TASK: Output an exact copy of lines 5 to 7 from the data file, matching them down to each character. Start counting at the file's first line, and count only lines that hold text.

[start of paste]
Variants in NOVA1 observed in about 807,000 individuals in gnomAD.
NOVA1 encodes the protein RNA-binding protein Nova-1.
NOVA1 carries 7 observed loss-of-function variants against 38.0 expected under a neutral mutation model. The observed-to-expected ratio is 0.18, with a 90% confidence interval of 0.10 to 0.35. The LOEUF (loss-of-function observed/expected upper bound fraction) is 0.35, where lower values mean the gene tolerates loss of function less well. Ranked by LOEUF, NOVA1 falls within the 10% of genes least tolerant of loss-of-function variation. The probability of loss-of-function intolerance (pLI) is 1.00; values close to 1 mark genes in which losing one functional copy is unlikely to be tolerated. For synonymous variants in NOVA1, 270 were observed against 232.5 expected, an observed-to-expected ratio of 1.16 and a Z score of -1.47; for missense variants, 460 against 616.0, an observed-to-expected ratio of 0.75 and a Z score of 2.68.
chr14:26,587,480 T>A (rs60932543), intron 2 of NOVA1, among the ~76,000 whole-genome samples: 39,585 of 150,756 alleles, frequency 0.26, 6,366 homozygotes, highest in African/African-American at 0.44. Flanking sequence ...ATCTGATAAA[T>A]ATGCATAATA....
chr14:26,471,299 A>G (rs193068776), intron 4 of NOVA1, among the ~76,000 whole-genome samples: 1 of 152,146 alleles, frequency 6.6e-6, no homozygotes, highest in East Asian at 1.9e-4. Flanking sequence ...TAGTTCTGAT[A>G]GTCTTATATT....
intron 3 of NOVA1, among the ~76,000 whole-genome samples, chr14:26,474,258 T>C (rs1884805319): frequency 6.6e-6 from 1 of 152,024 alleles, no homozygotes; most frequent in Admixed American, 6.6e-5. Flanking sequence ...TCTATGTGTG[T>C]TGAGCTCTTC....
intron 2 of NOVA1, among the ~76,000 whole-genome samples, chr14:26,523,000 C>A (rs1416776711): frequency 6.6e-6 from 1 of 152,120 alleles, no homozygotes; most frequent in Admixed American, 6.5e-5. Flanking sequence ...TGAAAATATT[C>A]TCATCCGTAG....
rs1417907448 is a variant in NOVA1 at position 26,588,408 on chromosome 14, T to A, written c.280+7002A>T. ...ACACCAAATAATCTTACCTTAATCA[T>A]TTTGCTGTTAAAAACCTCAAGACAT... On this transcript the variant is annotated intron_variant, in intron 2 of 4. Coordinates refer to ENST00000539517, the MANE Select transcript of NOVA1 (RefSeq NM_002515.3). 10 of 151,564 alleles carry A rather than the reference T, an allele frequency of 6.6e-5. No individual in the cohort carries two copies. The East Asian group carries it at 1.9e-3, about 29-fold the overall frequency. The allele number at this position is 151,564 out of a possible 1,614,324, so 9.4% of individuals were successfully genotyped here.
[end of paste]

chr14:26,471,299 A>G (rs193068776), intron 4 of NOVA1, among the ~76,000 whole-genome samples: 1 of 152,146 alleles, frequency 6.6e-6, no homozygotes, highest in East Asian at 1.9e-4. Flanking sequence ...TAGTTCTGAT[A>G]GTCTTATATT....
intron 3 of NOVA1, among the ~76,000 whole-genome samples, chr14:26,474,258 T>C (rs1884805319): frequency 6.6e-6 from 1 of 152,024 alleles, no homozygotes; most frequent in Admixed American, 6.6e-5. Flanking sequence ...TCTATGTGTG[T>C]TGAGCTCTTC....
intron 2 of NOVA1, among the ~76,000 whole-genome samples, chr14:26,523,000 C>A (rs1416776711): frequency 6.6e-6 from 1 of 152,120 alleles, no homozygotes; most frequent in Admixed American, 6.5e-5. Flanking sequence ...TGAAAATATT[C>A]TCATCCGTAG....